was among the tens of thousands
killed. No-one wants war to return
You know how many years the
war in Afghanistan's being going
on for. Us Tajik mothers don't
want any more war, we've had one
of our own, and we now want to
live in a peaceful world.
8.00 and the party is over. It is
risky here to stay out late.
Tajikistan fears that if it is sucked
into America's war, there may be
no more celebrations here at all.
Richer and stronger Uzbekistan,
by contrast, has welcomed US
troops. It even wants them to stay
after the war. But, if they do, it
will anger Russia and Iran. Iran,
now an ally of Russia, wants a
new regime in Kabul, but not
one that gives any advantage to
America or Pakistan. Pakistan,
however, still insists that as long
as it is in conflict with India, it
will have a vital strategic
interest in Afghanistan's future
ABDUL KADER JAFFER:
(Pakistan High Commissioner)
First of all, they're Muslims, an
Islamic nation. Secondly,
unfortunately, as you know, we
have an unfriendly neighbour on
the eastern side. We cannot have
two unfriendly neighbours.
Therefore, peace, stability of
Afghanistan is very important
That means that the Northern
Alliance, known to hate Pakistan,
can't be allowed to control Kabul.
Islamabad wants at least some
elements of the Taliban to remain
in power. The sudden advance
of the Northern Alliance may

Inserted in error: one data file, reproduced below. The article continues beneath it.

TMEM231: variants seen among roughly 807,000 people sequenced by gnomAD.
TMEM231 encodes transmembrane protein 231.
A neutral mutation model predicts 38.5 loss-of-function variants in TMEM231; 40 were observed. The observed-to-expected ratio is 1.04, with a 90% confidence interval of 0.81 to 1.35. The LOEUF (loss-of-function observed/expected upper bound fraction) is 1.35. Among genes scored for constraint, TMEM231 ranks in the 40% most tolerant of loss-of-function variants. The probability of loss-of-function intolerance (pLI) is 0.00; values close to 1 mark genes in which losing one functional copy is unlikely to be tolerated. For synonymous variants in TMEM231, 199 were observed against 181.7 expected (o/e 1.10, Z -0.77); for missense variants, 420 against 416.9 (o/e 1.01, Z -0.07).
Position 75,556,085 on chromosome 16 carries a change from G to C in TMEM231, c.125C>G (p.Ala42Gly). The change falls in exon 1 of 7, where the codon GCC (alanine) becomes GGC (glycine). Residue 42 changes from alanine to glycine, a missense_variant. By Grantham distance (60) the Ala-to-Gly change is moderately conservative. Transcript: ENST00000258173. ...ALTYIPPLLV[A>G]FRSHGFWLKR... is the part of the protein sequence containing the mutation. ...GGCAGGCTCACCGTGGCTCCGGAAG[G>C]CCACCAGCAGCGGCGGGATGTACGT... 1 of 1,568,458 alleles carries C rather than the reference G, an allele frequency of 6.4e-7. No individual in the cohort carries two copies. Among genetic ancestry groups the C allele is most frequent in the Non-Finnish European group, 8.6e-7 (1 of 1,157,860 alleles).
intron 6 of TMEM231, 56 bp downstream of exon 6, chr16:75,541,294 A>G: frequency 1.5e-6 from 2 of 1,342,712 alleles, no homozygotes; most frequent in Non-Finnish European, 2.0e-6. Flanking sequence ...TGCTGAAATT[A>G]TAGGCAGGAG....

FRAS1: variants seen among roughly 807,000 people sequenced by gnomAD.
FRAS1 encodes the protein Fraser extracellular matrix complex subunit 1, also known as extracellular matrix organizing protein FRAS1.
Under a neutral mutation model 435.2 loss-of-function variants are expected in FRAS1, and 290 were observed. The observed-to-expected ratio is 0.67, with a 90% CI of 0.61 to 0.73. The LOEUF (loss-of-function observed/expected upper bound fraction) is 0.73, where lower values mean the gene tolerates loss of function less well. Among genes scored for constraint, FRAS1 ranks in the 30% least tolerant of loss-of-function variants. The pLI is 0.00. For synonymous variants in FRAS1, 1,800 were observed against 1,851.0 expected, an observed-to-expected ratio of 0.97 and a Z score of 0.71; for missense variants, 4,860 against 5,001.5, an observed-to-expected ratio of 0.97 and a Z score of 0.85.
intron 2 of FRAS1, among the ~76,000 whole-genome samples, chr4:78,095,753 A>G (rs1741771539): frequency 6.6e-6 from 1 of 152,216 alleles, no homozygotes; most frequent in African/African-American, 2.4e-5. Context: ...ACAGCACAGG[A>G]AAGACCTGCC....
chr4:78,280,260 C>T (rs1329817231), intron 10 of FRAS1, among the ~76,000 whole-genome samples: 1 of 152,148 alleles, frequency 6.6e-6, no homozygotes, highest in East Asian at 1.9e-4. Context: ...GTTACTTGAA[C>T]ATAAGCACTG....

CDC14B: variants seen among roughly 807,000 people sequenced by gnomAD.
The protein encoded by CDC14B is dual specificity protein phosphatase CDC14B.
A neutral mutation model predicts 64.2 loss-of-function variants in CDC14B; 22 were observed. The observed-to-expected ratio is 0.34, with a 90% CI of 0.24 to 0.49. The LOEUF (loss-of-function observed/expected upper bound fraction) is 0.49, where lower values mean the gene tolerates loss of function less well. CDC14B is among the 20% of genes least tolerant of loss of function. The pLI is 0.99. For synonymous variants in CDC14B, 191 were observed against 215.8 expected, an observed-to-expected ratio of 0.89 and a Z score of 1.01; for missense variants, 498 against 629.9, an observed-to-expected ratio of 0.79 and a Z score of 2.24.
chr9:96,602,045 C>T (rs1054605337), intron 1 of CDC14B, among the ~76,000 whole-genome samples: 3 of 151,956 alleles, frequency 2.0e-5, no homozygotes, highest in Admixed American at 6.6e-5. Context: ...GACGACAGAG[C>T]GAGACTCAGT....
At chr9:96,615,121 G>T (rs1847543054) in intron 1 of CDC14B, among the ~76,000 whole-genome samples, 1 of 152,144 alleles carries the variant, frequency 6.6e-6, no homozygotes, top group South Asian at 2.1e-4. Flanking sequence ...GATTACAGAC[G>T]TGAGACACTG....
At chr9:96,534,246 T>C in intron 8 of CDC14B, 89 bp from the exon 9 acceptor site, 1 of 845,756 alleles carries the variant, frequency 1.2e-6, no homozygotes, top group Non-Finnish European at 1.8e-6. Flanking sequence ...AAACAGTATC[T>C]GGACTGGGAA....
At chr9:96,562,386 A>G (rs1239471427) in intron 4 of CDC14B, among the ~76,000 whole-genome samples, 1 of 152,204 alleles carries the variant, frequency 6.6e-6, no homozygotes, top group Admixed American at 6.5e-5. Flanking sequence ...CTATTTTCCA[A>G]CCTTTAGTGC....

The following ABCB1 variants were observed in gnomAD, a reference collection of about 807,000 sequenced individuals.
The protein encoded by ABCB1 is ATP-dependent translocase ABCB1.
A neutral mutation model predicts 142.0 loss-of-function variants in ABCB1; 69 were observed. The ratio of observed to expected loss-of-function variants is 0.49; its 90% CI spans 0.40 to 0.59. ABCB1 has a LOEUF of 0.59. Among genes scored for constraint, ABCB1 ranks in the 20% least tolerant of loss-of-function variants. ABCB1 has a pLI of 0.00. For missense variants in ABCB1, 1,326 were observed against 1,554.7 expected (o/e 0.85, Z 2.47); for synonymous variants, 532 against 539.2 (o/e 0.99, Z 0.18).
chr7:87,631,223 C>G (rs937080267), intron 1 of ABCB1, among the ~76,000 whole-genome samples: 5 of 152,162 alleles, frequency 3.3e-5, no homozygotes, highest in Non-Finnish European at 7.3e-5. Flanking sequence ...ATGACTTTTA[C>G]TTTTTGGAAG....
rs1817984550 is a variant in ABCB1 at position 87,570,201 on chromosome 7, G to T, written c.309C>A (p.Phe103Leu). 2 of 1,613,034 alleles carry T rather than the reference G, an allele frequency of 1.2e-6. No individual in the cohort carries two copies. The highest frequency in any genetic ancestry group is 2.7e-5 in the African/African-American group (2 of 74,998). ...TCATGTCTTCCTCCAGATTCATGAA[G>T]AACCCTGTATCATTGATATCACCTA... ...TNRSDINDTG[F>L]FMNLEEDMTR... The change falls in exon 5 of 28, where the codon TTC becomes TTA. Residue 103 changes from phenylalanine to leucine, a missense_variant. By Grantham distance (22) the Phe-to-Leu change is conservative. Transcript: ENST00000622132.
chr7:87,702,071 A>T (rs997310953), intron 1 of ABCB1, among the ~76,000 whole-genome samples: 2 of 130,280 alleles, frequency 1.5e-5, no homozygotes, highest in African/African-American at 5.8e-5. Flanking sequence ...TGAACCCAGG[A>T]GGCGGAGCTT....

have unlocked a military log jam,
but with no agreement about
the future of Afghanistan, it's
created new diplomatic dangers.
The old games could begin all
over again. As Lord Curzon's
latest successor at the Foreign
Office is well aware.
There must be no more great
games, with Afghan people the
pawns. No more regional
rivalries, with Afghan people
The West now hopes it can
inoculate Afghanistan against
instability with a big injection
Dr FRED STARR:
Out in the future, in a strategic
sense, are some very, very heady,
positive prospects. I mean, put
a new regime in place. Only the
Afghans can create that. We
can't make it. Give that government
Provide real economic development
support, and that's an attainable
goal, by the way, and you gradually
get an Afghanistan where people
are able to do what they want to
do now, that is, live normal lives.
Is that a commitment to abandon
the game, or just a strategy for
further engagement? Diplomats no
longer use the language of Curzon,
but it may be a little early to talk